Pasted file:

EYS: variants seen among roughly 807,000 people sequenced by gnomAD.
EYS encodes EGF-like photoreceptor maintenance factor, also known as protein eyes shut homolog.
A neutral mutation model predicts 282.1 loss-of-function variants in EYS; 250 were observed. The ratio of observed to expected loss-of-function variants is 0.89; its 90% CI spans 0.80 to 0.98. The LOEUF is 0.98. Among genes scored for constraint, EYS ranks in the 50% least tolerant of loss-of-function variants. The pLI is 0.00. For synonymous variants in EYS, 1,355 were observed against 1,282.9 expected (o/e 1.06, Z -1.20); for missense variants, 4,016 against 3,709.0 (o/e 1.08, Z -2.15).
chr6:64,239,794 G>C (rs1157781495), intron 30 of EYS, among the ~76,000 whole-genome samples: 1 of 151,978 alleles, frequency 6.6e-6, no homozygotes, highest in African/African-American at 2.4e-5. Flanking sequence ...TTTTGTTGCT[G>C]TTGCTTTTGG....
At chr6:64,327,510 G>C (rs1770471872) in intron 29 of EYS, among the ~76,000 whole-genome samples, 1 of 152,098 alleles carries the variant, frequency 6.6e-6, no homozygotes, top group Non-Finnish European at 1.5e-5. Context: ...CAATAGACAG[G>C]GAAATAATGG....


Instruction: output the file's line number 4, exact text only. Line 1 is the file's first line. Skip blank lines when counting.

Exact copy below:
chr6:64,239,794 G>C (rs1157781495), intron 30 of EYS, among the ~76,000 whole-genome samples: 1 of 151,978 alleles, frequency 6.6e-6, no homozygotes, highest in African/African-American at 2.4e-5. Flanking sequence ...TTTTGTTGCT[G>C]TTGCTTTTGG....